This isn't as big a potential order as what Leeham News and Comment suggested earlier this month, when it reported that FedEx might buy up to 50 767 Freighters, as well as up to 10 larger 777 Freighters. However, it would still be an important win for Boeing if FedEx goes through with this order.
Still chugging along
Boeing's 767 has been in production since 1981, which is an incredibly long time for an aircraft program. Over the past decade, demand for the 767 has fallen off. That's not too surprising, because Boeing's 787 Dreamliner is pretty much a direct replacement for the 767, and it offers huge efficiency benefits compared to its predecessor.
Nevertheless, Boeing has continued building the 767 -- slowly -- and it fills a key niche in the freighter market, because Boeing has not offered a cargo version of the 787 thus far. Boeing currently has 35 unfilled orders for the 767 from commercial customers, all of which are freighters bound for FedEx.
Yet the 767 program is going to be around for quite a while. That's because it is the basis for a $35 billion military contract Boeing won for the KC-46 aerial refueling tanker. Boeing is slated to deliver 179 KC-46 tankers to the U.S. Air Force between 2017 and 2027.
The Air Force could potentially place additional orders in the future, as it has more than 400 aging KC-135 tankers in its fleet today. Boeing may also have opportunities to sell KC-46 refueling tankers to foreign militaries in the future. In any case, it's almost certain that the 767 production line will keep running for more than a decade.
Filling in production gaps
As of next year, Boeing plans to produce 767s at the rate of two per month, and according to industry publication Flightglobal, Boeing actually has the capacity to build 2.5 aircraft per month on the Boeing 767 line. However, the Air Force contract calls for Boeing to build an average of about 15 aircraft per year through 2027.
This is why getting an order for even 25 additional 767s from FedEx would be an important achievement for Boeing. To maximize its efficiency, Boeing needs to fully utilize its production capacity. This means finding customers for all of the extra production slots not committed to the U.S. Air Force up to at least 24 aircraft per year -- and perhaps as many as 30.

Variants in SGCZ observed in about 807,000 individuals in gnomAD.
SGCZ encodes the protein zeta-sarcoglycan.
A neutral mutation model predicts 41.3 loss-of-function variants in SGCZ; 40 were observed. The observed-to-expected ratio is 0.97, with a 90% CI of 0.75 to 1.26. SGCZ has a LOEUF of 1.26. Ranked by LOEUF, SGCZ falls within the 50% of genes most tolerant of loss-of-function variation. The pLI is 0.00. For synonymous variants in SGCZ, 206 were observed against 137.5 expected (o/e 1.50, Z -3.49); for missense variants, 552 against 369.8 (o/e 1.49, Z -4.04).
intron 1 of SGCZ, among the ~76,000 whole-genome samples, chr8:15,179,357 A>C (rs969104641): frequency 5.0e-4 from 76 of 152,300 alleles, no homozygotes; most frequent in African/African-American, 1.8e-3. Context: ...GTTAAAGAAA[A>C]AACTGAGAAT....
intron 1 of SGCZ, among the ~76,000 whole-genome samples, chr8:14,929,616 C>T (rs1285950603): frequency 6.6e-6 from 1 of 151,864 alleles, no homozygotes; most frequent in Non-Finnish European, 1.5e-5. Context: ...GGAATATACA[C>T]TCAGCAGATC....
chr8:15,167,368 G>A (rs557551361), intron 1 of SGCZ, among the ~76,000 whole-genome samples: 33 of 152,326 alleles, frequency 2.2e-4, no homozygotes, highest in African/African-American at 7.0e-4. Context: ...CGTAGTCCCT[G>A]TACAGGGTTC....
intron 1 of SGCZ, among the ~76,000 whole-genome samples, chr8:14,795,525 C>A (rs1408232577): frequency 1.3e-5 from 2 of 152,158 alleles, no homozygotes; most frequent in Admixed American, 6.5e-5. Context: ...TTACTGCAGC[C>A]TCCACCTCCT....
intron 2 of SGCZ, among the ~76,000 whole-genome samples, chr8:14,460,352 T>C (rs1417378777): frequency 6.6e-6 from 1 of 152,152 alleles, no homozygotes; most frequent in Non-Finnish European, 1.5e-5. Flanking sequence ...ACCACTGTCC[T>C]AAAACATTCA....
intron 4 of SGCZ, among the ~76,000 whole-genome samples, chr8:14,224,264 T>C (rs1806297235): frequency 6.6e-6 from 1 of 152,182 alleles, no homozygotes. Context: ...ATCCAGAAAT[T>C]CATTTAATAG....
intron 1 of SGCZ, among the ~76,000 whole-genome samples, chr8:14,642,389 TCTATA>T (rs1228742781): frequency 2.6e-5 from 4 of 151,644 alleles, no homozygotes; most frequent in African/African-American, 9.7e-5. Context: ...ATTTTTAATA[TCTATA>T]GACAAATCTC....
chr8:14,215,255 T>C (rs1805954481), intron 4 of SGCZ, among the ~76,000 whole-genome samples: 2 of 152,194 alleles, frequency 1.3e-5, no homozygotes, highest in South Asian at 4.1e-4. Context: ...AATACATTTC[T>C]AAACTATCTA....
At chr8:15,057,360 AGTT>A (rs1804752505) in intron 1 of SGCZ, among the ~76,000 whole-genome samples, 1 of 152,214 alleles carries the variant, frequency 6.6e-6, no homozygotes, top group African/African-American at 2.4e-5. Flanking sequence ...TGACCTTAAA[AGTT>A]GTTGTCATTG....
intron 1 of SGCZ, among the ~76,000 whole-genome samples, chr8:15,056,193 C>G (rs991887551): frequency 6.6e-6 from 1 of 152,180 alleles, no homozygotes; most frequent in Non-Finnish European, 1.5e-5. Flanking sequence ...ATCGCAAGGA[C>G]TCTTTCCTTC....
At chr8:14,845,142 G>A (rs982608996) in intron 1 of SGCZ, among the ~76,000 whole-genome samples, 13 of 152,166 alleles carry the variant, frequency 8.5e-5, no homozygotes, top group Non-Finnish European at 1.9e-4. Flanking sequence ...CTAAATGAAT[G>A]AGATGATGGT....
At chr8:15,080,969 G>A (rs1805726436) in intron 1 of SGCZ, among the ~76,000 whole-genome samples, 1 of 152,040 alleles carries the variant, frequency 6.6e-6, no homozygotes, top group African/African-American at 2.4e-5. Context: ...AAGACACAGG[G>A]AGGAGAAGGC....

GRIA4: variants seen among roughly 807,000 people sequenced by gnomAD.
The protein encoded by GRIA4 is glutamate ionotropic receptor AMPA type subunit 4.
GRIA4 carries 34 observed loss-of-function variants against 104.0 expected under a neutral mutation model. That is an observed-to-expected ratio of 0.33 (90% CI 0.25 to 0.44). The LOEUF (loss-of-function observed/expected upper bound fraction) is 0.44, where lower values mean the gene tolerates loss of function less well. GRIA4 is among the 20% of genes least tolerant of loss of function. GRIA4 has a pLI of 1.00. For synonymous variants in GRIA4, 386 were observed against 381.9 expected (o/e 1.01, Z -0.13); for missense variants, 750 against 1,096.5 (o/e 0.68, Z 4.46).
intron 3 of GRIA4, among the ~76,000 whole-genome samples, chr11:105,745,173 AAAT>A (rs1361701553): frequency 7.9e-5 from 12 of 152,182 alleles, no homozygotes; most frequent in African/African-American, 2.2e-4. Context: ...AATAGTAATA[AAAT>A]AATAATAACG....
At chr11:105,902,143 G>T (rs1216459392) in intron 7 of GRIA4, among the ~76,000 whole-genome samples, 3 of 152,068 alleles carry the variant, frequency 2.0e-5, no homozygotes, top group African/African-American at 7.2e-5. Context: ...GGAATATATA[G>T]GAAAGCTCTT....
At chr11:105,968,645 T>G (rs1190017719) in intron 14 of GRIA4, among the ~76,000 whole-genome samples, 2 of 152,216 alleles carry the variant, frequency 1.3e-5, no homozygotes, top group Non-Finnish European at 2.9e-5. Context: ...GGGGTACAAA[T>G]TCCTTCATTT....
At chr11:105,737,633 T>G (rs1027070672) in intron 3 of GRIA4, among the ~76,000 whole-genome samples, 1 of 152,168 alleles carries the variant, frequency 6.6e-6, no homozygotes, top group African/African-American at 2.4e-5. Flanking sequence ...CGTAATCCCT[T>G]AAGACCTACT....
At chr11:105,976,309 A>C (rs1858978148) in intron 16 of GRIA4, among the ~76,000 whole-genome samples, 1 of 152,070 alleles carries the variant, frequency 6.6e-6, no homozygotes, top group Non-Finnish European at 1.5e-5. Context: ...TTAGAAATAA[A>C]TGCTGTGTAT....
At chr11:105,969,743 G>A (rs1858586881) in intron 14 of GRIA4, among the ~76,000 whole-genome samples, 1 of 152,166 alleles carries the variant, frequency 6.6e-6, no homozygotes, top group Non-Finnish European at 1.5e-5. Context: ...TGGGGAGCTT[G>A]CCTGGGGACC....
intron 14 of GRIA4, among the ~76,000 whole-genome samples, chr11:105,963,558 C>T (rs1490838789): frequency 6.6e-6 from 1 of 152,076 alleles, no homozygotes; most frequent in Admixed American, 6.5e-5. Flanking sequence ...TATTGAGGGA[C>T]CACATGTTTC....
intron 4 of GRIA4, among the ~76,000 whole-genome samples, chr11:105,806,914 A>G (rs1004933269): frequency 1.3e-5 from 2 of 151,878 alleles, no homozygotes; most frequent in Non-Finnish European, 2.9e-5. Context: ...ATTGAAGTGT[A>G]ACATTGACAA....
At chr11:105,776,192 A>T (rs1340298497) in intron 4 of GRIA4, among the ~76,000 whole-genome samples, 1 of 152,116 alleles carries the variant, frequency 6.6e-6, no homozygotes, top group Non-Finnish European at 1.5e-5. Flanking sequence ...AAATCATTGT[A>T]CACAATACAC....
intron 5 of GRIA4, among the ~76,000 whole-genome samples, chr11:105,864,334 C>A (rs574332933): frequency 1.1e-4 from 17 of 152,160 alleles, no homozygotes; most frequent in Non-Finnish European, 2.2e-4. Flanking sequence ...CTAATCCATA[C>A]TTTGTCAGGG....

For the next few years, Boeing can keep the 767 line busy fulfilling the remaining firm orders from FedEx while ramping up KC-46 production. But by 2019 at the latest, Boeing will need additional orders to keep the line running at its planned speed.
Nobody but FedEx has seemed very interested in ordering the 767 lately. But the aircraft serves an important purpose for FedEx as a replacement for its aging MD-10s. The 767 also looks like a prime candidate to replace FedEx's Airbus 300s when they begin to exit its fleet later in the decade.
It's not just about the big names
Popular aircraft families like the 737 and the 787 tend to get the bulk of investors' attention as they are more frequently in the news. And these aircraft programs make bigger contributions to Boeing's financial performance than the aging 767 program.
However, each individual 737 or 787 order is less impactful, because both aircraft have long order backlogs and lots of airlines are anxious to buy them. As a result, if Boeing loses out on one potential order, it's no big deal, because there will be plenty of others.
By contrast, orders for less in-demand models like the 747, 767, and 777 are critical for Boeing. With those programs, Boeing must work hard to make enough sales to keep production lines humming. And in the aircraft industry, where scale is critical to profitability, investors should cheer any big orders that allow Boeing to maintain steady or rising production rates.
Adam Levine-Weinberg owns shares of The Boeing Company. The Motley Fool recommends FedEx. Try any of our Foolish newsletter services free for 30 days. We Fools may not all hold the same opinions, but we all believe that considering a diverse range of insights makes us better investors. The Motley Fool has a disclosure policy.